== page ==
Now Jeffress has doubled down on his claim in a sermon on Sunday, responding to a column by Steve Blow in The Dallas Morning News that condemned the pastor's remarks. "It is our love for Muslims that demands we speak the truth about Islam," Jeffress said Sunday.

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The new TV ad from Senate Majority Leader Harry Reid (D-NV) employs an unusual pitch for an incumbent: Acknowledging that the economy is bad -- and warning that his Republican opponent Sharron Angle would make things worse.

"We know what shattered the economy. Wall Street greed and CEOs shipping jobs overseas, the cost of foreign oil, and Bush economics. But Sharron Angle's blaming Harry Reid. Come on," the announcer says. "Sharron Angle's the one who opposed Wall Street reform, wants to protect tax breaks for companies that ship jobs overseas. And says it's not her job to create jobs."

The ad then shows video of Angle explaining her laissez-faire stance on economics: "I'm not in the business of creating jobs."

"That's Sharron Angle," the announcer says. "Extreme ideas that will make things worse."

The TPM Poll Average puts Reid ahead by 47.6%-44.3%.

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Religious leaders from several faiths are meeting with Attorney General Eric Holder today to discuss the recent spate of anti-Muslim sentiment and violence.

At a press conference this afternoon following an interfaith meeting, Rabbi David Saperstein, director of the Religious Action Center of Reform Judaism, said he and other religious leaders will meet with Holder, at Holder's request, later today.

The Justice Department confirms and says they will release a "readout" of the meeting after it occurs.

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Sharron Angle is continuing to refuse to back down from her past statements about there being "domestic enemies" in Congress.

Jonathan Karl at ABC News asked Angle about this:

Jonathan Karl: Do we have enemies of the country in the halls of Congress?

Sharron Angle: Well, certainly people who pass these kinds of policies -- Obamacare, cap and trade, stimulus, bailout -- they're certainly not friends to the free-market system.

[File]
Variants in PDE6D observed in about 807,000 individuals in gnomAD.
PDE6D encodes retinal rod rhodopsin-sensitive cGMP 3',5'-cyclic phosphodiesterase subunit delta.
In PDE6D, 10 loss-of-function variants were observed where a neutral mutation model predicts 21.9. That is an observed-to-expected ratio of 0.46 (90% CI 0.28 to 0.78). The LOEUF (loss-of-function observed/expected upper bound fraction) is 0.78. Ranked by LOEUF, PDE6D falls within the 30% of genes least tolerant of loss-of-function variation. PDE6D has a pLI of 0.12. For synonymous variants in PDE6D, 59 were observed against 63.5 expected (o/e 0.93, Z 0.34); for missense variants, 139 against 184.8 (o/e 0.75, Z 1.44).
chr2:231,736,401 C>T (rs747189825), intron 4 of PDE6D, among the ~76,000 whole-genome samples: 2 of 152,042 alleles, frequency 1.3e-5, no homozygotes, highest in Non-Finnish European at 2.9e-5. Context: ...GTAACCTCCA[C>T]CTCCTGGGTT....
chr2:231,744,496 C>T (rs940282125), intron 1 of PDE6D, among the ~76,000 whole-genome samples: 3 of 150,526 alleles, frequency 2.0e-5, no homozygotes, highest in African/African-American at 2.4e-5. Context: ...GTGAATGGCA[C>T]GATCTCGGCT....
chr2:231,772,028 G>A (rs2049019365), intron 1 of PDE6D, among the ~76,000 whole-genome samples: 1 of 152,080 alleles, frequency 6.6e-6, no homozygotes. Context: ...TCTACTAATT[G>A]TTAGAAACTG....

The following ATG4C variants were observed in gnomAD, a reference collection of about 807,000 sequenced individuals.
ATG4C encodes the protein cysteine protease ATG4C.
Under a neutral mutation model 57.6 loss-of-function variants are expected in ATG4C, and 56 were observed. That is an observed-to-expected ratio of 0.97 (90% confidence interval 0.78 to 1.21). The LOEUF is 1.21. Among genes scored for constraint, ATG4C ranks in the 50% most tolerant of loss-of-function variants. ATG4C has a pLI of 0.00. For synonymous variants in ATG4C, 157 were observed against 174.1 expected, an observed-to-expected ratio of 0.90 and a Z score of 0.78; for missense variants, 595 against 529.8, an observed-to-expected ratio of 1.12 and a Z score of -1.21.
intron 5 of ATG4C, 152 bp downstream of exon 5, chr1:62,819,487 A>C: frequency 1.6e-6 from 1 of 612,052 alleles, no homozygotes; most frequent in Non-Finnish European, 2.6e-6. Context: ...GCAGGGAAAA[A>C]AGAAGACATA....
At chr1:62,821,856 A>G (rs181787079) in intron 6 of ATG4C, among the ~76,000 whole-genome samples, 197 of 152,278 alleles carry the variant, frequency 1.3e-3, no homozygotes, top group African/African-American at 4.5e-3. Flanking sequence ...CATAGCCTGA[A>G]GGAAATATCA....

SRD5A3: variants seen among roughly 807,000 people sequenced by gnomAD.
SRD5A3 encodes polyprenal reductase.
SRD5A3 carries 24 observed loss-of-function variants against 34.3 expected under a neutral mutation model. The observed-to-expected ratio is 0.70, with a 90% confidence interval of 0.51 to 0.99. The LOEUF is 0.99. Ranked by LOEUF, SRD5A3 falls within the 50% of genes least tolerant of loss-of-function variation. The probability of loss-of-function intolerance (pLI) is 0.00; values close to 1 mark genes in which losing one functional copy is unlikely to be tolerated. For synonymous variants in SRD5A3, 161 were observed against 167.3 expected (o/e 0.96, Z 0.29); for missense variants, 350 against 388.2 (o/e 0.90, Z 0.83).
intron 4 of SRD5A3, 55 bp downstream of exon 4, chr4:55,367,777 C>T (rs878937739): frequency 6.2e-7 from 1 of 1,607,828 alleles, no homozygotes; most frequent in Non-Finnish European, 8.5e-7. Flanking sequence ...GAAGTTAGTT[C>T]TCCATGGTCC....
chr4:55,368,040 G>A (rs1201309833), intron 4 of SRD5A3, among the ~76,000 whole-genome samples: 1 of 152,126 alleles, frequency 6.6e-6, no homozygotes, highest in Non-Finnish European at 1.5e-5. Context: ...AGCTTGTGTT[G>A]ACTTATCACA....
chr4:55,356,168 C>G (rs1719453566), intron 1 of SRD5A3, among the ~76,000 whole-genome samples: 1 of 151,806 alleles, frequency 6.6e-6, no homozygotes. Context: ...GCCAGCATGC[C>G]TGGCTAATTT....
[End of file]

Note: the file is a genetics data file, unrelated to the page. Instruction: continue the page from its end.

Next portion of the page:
Jonathan Karl: So, what are they? (Laughs.)

Sharron Angle: (Laughs.) They're not friends.


The TPM Poll Average puts Reid ahead by 47.6%-44.3%.

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A new round of polls this morning confirms what most analysts have been saying for a couple weeks now: thanks to their advantage in voter enthusiasm, Republicans are poised to post big gains in the 2010 elections this November.

Last week the big news was the Gallup poll, which showed the GOP with its largest lead in the the history of the firm's generic ballot polling. In that poll, the GOP led Democrats 51-41. The new polls out today confirm that Gallup's numbers are not a fluke.

An ABC News/Washington Post survey released this morning shows Republicans up 13 points in the generic ballot question, leading Democrats 53-40 among likely voters. An NBC News/Wall Street Journal poll also out this morning shows Republicans ahead 49-40 among likely voters.

As has been the case in past polling, the parties are polling basically even when all adults are asked who they'd rather see in charge of Congress. In the NBC/WSJ poll, the parties were split at 43% support when all adults surveyed were asked who they'd rather see in control of Congress next year. But when likely voters were asked the same question, the GOP took the big nine-point lead. Polling from other firms this year has shown a similar result.